2015 Conference on Retroviruses and Opportunistic Infections (CROI), 23-26 February 2015, Seattle
The 2015 Conference on Retroviruses and Opportunistic Infections (CROI) was held from 23-26 February in Seattle, Washington.
CROI is the most important annual scientific and medical HIV conference. This year the conference opened with important news on oral pre-exposure prophylaxis (PrEP), including the PROUD and IPERGAY studies, topical PrEP and other HIV prevention options – including research to reduce mother to child transmission. Other key sessions included HIV-related complications, antiretrovirals in the pipeline and HIV pathogenesis – especially in the context of cure research.
Abstracts for each study are available in a searchable online database and some posters are available to download as PDF files.
All plenary lectures and oral presentations are online as webcasts.
Articles included in this issue of HTB are:
- Pipeline ART: tenofovir alafenamide (TAF)
- Pipeline ART: maturation inhibitors and an attachment inhibitor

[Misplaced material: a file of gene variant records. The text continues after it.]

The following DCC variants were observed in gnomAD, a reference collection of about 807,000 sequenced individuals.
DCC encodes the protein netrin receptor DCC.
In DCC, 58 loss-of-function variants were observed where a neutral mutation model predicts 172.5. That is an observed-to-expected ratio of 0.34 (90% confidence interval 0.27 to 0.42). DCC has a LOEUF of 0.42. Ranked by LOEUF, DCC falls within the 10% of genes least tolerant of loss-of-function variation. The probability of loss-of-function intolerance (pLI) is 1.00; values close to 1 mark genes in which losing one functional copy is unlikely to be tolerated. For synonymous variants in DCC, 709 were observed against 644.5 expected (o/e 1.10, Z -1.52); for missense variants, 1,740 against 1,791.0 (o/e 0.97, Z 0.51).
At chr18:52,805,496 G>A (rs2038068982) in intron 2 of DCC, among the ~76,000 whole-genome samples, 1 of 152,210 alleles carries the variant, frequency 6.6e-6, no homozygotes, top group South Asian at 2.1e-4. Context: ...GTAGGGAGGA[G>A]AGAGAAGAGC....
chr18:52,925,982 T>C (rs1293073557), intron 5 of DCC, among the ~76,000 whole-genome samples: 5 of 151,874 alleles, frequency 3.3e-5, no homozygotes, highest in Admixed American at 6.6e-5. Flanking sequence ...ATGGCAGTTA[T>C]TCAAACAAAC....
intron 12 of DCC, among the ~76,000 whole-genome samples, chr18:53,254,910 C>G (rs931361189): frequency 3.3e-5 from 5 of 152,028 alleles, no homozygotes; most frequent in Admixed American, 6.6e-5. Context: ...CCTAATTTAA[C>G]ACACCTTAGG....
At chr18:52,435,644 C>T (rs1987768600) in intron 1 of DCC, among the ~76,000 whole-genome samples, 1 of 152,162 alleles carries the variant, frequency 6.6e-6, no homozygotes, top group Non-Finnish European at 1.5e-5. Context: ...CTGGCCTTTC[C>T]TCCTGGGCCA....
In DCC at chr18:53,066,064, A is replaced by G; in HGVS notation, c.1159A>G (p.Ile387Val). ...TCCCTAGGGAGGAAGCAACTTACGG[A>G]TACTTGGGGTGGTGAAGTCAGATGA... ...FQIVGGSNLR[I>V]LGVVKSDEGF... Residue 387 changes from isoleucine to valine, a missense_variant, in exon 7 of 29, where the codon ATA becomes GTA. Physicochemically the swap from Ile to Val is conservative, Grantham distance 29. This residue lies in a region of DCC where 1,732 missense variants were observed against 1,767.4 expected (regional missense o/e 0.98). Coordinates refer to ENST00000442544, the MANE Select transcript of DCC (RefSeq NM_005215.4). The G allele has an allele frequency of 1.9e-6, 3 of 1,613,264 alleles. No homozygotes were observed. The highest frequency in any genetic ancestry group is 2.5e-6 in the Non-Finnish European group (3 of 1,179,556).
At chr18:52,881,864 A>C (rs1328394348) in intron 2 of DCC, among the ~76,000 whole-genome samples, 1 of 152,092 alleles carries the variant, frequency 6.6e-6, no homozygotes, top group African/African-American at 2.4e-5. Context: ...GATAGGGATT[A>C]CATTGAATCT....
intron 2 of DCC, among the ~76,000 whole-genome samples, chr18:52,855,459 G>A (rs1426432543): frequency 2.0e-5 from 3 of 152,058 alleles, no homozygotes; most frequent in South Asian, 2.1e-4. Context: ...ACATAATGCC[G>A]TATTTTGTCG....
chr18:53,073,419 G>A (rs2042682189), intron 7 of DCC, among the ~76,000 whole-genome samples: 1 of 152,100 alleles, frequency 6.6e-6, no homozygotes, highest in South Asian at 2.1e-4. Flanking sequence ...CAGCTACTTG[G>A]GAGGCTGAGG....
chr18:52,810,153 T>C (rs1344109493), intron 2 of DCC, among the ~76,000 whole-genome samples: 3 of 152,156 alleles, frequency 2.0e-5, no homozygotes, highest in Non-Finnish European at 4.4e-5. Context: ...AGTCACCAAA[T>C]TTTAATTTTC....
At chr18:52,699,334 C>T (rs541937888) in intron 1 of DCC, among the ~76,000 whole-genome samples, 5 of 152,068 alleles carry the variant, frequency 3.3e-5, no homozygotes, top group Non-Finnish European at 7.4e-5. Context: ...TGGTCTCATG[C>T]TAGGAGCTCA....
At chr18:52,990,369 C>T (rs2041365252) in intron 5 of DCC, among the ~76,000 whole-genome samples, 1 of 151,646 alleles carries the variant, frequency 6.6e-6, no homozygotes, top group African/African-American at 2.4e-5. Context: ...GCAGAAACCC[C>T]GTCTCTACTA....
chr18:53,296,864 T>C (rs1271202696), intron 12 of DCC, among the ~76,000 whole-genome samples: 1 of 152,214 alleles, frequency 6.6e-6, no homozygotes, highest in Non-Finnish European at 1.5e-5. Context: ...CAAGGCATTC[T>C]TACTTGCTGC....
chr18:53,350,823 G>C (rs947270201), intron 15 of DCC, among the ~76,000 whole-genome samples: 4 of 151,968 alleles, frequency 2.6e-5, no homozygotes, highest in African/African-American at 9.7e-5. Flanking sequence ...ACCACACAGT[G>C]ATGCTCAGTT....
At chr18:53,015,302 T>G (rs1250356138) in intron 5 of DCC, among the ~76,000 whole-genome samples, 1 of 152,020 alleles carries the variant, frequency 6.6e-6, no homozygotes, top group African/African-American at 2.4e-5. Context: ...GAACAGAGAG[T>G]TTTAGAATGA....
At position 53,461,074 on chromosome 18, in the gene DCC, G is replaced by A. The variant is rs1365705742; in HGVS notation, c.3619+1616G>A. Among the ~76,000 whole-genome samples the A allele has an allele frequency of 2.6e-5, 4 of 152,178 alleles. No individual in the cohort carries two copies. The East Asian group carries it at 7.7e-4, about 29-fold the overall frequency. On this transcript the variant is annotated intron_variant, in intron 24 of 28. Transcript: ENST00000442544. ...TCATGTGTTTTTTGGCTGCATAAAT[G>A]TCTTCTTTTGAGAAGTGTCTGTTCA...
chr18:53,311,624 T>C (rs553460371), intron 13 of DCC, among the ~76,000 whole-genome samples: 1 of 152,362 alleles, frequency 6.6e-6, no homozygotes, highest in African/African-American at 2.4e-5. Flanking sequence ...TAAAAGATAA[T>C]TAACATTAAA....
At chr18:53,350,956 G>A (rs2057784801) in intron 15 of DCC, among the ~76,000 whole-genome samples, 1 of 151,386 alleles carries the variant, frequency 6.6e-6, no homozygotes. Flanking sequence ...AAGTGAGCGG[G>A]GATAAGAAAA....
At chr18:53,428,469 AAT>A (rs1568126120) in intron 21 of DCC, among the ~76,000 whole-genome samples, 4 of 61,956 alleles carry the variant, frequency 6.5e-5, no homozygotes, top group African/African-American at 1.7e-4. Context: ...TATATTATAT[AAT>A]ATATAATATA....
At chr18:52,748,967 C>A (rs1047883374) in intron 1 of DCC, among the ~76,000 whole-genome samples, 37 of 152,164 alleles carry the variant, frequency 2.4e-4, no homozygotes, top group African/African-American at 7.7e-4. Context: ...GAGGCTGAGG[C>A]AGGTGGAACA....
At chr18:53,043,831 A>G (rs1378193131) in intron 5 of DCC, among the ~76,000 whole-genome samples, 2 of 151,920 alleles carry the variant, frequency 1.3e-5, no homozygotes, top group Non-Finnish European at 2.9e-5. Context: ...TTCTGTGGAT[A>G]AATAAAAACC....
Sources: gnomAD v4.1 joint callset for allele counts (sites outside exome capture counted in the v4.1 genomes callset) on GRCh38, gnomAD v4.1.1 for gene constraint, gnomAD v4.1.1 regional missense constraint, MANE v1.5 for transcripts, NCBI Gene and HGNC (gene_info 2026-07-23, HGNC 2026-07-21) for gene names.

- No HIV transmissions between gay couples when viral load is undetectable: preliminary results from “Opposites Attract” study in Australia, Thailand and Brazil
- PrEP reduced HIV risk by at least 86% in PROUD: no transmissions likely from people taking meds
- “On demand” PrEP dosing in IPERGAY: 86% reduced risk of HIV, no transmissions with active drug use
- Other HIV PrEP studies at CROI 2015: implementation of oral PrEP and problems with tenofovir gel
- Early HIV treatment and isoniazid prophylaxis: why TEMPRANO results do not yet support universal ART at CD4 >500 cells/mm3
- Unintended pregnancies with levonorgestrel implant due to drug interactions with efavirenz-based ART
- Three drug ART best for preventing vertical transmission to infants: results from the PROMISE study
- 3 in 5 breastfeeding women with viral load >1,000 copies/mL are undiagnosed in Kenya, Malawi and South Africa
- Point of care HIV PCR test for infant diagnosis: good performance but poorer results in youngest age group
- Weekend off ART is non-inferior to continuous ART in young people taking efavirenz-based regimens: results from BREATHER study
- Increased cardiovascular risks in HIV positive children in Uganda and Zambia partially reversed by ART
- Lopinavir/ritonavir in young children is superior to nevirapine after five years: results from long term follow up of IMPAACT P1060
- Long-term safety and efficacy of tenofovir in children
- UK case of HIV remission: ten years off-ART in patient with prior progression and treated during seroconversion